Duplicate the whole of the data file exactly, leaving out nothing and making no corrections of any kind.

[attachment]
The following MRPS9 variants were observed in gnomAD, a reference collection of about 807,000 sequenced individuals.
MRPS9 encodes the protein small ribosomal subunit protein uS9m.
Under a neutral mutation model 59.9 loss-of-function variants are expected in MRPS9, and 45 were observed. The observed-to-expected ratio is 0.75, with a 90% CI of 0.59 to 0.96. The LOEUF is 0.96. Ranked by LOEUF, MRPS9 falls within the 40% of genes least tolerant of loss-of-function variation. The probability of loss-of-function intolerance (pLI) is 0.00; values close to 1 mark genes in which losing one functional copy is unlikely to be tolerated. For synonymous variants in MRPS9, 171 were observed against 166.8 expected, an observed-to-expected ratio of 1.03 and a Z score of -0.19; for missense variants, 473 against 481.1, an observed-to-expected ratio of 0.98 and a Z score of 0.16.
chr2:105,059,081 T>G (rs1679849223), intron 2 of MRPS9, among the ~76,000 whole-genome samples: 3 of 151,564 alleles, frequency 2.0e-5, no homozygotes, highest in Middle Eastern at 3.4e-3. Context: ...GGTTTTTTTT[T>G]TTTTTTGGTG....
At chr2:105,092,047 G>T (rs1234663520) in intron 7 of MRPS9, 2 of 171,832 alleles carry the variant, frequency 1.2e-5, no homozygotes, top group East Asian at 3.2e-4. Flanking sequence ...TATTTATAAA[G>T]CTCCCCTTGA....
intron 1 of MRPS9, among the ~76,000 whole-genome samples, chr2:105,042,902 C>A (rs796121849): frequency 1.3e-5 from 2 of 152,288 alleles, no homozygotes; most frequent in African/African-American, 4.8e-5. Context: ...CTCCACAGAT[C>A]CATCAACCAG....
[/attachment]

The following MRPS9 variants were observed in gnomAD, a reference collection of about 807,000 sequenced individuals.
MRPS9 encodes the protein small ribosomal subunit protein uS9m.
Under a neutral mutation model 59.9 loss-of-function variants are expected in MRPS9, and 45 were observed. The observed-to-expected ratio is 0.75, with a 90% CI of 0.59 to 0.96. The LOEUF is 0.96. Ranked by LOEUF, MRPS9 falls within the 40% of genes least tolerant of loss-of-function variation. The probability of loss-of-function intolerance (pLI) is 0.00; values close to 1 mark genes in which losing one functional copy is unlikely to be tolerated. For synonymous variants in MRPS9, 171 were observed against 166.8 expected, an observed-to-expected ratio of 1.03 and a Z score of -0.19; for missense variants, 473 against 481.1, an observed-to-expected ratio of 0.98 and a Z score of 0.16.
chr2:105,059,081 T>G (rs1679849223), intron 2 of MRPS9, among the ~76,000 whole-genome samples: 3 of 151,564 alleles, frequency 2.0e-5, no homozygotes, highest in Middle Eastern at 3.4e-3. Context: ...GGTTTTTTTT[T>G]TTTTTTGGTG....
At chr2:105,092,047 G>T (rs1234663520) in intron 7 of MRPS9, 2 of 171,832 alleles carry the variant, frequency 1.2e-5, no homozygotes, top group East Asian at 3.2e-4. Flanking sequence ...TATTTATAAA[G>T]CTCCCCTTGA....
intron 1 of MRPS9, among the ~76,000 whole-genome samples, chr2:105,042,902 C>A (rs796121849): frequency 1.3e-5 from 2 of 152,288 alleles, no homozygotes; most frequent in African/African-American, 4.8e-5. Context: ...CTCCACAGAT[C>A]CATCAACCAG....